Drones over Kentucky; Why the ACLU is concerned but 'not opposed to the use of drones'

08/22/2013 10:12 AM

Taking a cue from Washington, and perhaps from U.S. Sen. Rand Paul, Kentucky legislators on Wednesday brought privacy activists and law enforcement to Frankfort to make the case for defining the parameters of using unmanned drones.

Several state representatives had filed a bipartisan bill seeking to define drones and set standards for information gathering using the technology. They plan to introduce the bill in the 2014 General Session. Activists and lawmakers are concerned how data collection using drones might violate Kentuckians’ rights under the Fourth Amendment of the U.S. Constitution.

To provide background on the technology and it’s law enforcement and the commercial uses for unmanned aircraft a committee gathered to hear testimony from law enforcement and the American Civil Liberties Union.

The program director for the Kentucky ACLU, Kate Miller, told the members that her group is “absolutely not opposed to the use of drones,” but she said there are concerns for information collection and use.

The ACLU is working to suggest legislation which could help guide lawmakers set the parameters on how what information is able to be gathered for drone surveillance and the process of obtaining a warrant for that information.

The issue, one speaker at the meeting said, was not the technology of drones, but rather the application of that technology. Drones have a wide range of uses beyond surveillance including uses in crop dusting.

Capt. Don Roby of the Baltimore County Police Department testified before the committee that his officers already are using drones in the field. He said they could use the devices to position SWAT officers in emergency situations, and he said the benefit was a fiscal one.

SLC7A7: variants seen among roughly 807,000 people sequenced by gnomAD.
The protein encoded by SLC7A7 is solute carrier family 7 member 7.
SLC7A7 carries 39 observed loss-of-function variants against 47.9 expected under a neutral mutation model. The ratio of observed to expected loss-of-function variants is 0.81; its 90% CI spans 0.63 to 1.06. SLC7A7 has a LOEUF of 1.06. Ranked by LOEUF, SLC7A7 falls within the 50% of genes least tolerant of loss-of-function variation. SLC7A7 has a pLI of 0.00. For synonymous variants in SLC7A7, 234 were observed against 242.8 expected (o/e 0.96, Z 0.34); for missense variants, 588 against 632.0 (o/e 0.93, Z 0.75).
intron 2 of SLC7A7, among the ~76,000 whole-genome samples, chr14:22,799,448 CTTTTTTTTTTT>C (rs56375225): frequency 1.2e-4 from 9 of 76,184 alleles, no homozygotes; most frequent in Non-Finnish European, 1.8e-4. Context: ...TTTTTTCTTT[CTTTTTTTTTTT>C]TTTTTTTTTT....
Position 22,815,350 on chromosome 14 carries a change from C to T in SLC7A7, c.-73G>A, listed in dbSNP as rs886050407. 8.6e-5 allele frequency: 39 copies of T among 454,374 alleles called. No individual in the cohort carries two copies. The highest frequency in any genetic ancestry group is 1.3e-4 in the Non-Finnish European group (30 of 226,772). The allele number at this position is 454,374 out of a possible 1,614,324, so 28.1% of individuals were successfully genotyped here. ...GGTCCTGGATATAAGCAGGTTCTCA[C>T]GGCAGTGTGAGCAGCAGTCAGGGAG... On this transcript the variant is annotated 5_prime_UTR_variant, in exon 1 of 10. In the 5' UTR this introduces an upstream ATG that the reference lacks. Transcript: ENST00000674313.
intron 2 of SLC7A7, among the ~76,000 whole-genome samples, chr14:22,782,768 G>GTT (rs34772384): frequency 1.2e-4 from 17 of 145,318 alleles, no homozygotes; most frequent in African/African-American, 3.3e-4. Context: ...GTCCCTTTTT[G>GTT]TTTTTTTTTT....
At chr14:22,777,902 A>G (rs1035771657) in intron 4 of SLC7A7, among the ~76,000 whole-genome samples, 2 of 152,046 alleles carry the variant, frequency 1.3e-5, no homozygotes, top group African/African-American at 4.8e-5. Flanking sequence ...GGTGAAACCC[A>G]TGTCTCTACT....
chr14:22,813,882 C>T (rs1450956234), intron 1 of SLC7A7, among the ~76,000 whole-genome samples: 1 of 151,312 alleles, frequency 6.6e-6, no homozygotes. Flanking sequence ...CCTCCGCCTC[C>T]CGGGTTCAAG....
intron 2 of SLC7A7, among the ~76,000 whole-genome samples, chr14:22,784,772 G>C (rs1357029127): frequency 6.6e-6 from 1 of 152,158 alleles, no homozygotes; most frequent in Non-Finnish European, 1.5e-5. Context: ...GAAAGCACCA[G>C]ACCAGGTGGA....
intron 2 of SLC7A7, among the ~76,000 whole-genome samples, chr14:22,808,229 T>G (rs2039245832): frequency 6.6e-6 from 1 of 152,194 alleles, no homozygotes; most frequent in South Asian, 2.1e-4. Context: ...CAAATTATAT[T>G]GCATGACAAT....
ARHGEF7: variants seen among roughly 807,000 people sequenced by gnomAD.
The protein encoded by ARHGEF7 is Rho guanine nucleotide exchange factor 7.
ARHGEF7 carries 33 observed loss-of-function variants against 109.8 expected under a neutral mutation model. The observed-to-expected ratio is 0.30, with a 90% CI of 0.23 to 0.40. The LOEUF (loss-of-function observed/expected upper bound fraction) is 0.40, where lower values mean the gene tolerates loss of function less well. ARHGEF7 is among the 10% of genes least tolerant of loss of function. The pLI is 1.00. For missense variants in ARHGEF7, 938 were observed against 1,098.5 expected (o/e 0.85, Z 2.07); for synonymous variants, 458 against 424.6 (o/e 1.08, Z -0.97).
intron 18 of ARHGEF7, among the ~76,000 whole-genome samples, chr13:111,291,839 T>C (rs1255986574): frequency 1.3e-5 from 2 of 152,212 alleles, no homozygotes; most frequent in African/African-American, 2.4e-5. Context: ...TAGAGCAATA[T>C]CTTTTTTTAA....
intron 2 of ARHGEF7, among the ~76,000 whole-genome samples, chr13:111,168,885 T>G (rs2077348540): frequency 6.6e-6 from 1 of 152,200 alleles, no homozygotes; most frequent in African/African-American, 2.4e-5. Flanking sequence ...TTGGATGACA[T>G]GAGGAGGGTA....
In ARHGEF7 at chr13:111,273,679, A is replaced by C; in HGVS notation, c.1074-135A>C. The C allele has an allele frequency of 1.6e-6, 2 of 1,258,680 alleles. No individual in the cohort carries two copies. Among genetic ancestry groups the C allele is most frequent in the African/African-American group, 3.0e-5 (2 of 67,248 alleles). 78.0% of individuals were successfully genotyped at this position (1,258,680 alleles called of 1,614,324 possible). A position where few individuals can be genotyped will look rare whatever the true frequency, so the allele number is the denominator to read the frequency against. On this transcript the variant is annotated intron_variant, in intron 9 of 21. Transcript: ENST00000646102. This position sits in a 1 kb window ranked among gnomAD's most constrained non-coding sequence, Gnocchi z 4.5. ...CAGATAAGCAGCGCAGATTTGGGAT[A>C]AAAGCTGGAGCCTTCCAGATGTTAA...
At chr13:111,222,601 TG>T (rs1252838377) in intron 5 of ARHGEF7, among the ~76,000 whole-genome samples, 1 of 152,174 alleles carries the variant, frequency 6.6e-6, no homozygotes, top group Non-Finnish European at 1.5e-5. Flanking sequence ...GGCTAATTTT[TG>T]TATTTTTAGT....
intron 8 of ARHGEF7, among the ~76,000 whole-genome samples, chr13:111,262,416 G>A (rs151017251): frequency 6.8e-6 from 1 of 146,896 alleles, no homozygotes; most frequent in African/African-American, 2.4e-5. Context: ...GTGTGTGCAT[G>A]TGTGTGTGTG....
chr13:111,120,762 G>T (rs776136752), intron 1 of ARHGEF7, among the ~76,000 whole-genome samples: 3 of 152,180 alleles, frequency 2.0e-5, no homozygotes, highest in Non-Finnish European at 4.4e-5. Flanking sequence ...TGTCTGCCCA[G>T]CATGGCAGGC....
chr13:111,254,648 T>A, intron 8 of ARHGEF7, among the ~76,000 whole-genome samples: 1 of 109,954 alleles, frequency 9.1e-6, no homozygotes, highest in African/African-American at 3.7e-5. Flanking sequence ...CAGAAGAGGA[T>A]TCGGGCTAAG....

Roby said the cost of an unmanned drone was around $25 an hour, where officers in a helicopter could range up to $600 an hour.

Rep. Brent Yonts, D-Greenville, asked Roby though if he could foresee a situation where drones could be used in a lethal capacity to end an emergency situation.

No vote was held. Lawmakers heard the testimony on an information-only basis until the legislation comes up in the 2014 regular session. The meeting took place during the special session for redistricting.

Drones, or unmanned aerial vehicles, made headlines nationally when Paul sought information regarding to their use to potentially target U.S. citizens in the United States during his 13-hour filibuster on the issue.

The Obama administration said it would not order drones to kill American citizens on U.S. soil.

The Fourth Amendment to the U.S. Constitution outlines the privacy rights and due process for Americans.

The right of the people to be secure in their persons, houses, papers, and effects, against unreasonable searches and seizures, shall not be violated, and no warrants shall issue, but upon probable cause, supported by oath or affirmation, and particularly describing the place to be searched, and the persons or things to be seized.


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